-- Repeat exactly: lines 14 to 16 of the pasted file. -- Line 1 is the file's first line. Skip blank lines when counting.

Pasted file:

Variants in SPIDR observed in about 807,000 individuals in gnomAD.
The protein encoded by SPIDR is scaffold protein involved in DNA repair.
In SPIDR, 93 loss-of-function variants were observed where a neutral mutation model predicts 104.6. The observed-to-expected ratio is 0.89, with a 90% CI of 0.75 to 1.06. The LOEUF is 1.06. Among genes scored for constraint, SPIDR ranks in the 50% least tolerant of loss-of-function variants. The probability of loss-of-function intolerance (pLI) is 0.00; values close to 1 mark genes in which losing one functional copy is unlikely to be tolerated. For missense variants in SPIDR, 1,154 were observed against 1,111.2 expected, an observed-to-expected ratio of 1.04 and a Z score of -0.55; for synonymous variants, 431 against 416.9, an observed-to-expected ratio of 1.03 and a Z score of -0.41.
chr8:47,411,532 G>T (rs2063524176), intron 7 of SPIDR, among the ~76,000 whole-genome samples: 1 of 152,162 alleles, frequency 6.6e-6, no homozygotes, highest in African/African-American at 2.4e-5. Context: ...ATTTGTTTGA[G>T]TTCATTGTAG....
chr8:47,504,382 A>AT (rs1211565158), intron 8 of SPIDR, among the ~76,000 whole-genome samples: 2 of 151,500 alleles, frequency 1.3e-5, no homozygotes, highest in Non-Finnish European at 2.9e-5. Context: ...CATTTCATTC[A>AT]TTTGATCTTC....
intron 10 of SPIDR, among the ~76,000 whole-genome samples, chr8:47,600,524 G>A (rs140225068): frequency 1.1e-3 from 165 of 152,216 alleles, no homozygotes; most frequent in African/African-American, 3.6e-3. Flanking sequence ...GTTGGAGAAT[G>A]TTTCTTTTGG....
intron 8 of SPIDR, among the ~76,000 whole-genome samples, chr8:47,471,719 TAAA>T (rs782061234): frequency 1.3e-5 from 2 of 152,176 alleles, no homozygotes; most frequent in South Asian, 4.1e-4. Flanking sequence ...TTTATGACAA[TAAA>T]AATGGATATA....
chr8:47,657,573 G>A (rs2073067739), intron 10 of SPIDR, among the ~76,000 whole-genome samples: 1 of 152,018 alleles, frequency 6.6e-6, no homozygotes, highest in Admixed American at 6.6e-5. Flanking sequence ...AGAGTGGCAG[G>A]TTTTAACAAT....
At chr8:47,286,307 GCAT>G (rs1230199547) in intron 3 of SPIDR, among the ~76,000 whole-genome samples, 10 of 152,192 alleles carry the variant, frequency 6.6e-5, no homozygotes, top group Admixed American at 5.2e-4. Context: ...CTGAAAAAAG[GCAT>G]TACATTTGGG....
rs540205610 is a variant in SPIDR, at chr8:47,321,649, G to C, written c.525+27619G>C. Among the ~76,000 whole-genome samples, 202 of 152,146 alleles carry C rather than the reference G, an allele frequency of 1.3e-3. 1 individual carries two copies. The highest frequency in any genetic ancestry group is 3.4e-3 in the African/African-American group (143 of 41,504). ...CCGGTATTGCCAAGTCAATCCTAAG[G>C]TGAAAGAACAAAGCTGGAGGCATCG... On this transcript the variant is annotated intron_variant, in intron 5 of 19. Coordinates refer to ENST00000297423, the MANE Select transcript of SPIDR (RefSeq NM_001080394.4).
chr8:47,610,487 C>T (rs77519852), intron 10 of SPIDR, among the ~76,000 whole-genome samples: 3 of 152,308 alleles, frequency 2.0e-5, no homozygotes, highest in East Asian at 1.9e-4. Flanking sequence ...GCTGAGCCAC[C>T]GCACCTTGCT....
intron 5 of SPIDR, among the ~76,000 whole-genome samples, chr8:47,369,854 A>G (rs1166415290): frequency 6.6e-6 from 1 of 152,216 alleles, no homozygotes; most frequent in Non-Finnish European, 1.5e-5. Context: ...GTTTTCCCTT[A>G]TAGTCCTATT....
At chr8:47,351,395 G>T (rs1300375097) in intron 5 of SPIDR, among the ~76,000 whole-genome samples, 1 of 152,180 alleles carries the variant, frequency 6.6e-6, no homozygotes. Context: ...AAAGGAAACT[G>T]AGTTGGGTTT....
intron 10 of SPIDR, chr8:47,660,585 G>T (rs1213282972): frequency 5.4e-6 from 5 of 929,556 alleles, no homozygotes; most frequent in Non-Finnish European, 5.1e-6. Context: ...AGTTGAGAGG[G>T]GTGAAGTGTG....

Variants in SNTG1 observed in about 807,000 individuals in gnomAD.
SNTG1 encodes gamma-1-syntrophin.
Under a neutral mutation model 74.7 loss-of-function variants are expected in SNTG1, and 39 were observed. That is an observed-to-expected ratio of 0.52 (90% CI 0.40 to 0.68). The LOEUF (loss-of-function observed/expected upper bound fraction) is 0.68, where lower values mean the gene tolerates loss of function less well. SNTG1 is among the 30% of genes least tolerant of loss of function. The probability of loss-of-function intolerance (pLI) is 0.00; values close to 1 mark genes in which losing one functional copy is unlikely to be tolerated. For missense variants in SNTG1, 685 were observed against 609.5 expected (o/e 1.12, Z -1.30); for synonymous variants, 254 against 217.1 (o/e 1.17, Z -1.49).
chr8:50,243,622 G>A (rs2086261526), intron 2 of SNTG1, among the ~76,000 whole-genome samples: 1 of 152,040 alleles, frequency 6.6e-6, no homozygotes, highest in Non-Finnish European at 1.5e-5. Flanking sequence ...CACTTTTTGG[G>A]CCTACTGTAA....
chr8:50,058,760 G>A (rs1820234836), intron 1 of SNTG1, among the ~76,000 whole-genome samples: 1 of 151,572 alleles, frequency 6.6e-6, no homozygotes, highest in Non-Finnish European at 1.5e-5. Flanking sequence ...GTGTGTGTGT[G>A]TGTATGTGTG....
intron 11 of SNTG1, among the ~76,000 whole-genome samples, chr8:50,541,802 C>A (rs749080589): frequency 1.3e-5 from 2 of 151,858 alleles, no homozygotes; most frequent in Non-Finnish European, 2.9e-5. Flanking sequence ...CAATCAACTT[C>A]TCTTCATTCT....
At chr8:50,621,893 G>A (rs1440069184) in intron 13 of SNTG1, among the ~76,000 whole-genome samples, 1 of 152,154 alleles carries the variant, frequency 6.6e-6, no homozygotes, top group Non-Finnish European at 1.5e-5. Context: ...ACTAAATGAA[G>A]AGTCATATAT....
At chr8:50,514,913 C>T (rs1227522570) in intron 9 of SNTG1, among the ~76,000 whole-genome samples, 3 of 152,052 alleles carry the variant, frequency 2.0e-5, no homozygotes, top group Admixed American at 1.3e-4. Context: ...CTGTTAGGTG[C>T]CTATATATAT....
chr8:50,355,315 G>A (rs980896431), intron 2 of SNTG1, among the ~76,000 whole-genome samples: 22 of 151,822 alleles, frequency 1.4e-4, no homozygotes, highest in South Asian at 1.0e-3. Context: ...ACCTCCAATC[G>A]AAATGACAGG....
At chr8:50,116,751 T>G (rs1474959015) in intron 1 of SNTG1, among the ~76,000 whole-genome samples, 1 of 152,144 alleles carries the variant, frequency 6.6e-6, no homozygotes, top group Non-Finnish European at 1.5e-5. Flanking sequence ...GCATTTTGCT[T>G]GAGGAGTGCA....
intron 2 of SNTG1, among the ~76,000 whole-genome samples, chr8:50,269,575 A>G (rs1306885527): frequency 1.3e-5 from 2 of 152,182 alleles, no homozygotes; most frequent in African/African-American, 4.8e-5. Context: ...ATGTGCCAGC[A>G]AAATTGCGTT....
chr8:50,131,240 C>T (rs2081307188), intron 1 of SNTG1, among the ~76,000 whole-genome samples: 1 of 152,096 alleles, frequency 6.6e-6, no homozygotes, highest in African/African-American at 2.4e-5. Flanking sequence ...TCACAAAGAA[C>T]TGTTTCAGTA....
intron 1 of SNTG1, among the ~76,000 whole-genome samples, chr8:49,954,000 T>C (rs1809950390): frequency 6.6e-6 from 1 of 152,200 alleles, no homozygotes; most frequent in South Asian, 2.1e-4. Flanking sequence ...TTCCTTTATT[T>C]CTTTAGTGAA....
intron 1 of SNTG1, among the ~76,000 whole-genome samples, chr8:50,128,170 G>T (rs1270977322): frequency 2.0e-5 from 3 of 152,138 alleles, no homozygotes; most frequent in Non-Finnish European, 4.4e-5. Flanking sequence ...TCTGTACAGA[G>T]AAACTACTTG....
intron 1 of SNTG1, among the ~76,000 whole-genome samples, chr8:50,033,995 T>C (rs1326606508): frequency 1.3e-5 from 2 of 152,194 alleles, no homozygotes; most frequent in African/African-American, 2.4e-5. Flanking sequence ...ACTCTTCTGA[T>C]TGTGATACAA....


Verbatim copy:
intron 10 of SPIDR, chr8:47,660,585 G>T (rs1213282972): frequency 5.4e-6 from 5 of 929,556 alleles, no homozygotes; most frequent in Non-Finnish European, 5.1e-6. Context: ...AGTTGAGAGG[G>T]GTGAAGTGTG....

Variants in SNTG1 observed in about 807,000 individuals in gnomAD.
SNTG1 encodes gamma-1-syntrophin.